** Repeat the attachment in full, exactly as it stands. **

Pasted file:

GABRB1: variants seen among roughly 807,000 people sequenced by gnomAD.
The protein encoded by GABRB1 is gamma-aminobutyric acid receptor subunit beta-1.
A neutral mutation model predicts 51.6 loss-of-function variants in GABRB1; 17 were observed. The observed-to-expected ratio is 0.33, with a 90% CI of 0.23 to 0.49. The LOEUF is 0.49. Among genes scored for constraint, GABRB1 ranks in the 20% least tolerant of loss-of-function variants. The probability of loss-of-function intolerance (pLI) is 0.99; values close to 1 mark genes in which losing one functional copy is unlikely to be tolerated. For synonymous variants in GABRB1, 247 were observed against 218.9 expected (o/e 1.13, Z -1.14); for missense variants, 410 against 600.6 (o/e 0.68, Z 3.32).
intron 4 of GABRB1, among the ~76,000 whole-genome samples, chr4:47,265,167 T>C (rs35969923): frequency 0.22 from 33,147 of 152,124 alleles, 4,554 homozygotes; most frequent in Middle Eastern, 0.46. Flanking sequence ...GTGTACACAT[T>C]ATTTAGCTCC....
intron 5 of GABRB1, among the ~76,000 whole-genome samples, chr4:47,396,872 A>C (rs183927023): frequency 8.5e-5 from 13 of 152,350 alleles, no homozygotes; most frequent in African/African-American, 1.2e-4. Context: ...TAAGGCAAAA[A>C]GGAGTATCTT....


GABRB1: variants seen among roughly 807,000 people sequenced by gnomAD.
The protein encoded by GABRB1 is gamma-aminobutyric acid receptor subunit beta-1.
A neutral mutation model predicts 51.6 loss-of-function variants in GABRB1; 17 were observed. The observed-to-expected ratio is 0.33, with a 90% CI of 0.23 to 0.49. The LOEUF is 0.49. Among genes scored for constraint, GABRB1 ranks in the 20% least tolerant of loss-of-function variants. The probability of loss-of-function intolerance (pLI) is 0.99; values close to 1 mark genes in which losing one functional copy is unlikely to be tolerated. For synonymous variants in GABRB1, 247 were observed against 218.9 expected (o/e 1.13, Z -1.14); for missense variants, 410 against 600.6 (o/e 0.68, Z 3.32).
intron 4 of GABRB1, among the ~76,000 whole-genome samples, chr4:47,265,167 T>C (rs35969923): frequency 0.22 from 33,147 of 152,124 alleles, 4,554 homozygotes; most frequent in Middle Eastern, 0.46. Flanking sequence ...GTGTACACAT[T>C]ATTTAGCTCC....
intron 5 of GABRB1, among the ~76,000 whole-genome samples, chr4:47,396,872 A>C (rs183927023): frequency 8.5e-5 from 13 of 152,350 alleles, no homozygotes; most frequent in African/African-American, 1.2e-4. Context: ...TAAGGCAAAA[A>C]GGAGTATCTT....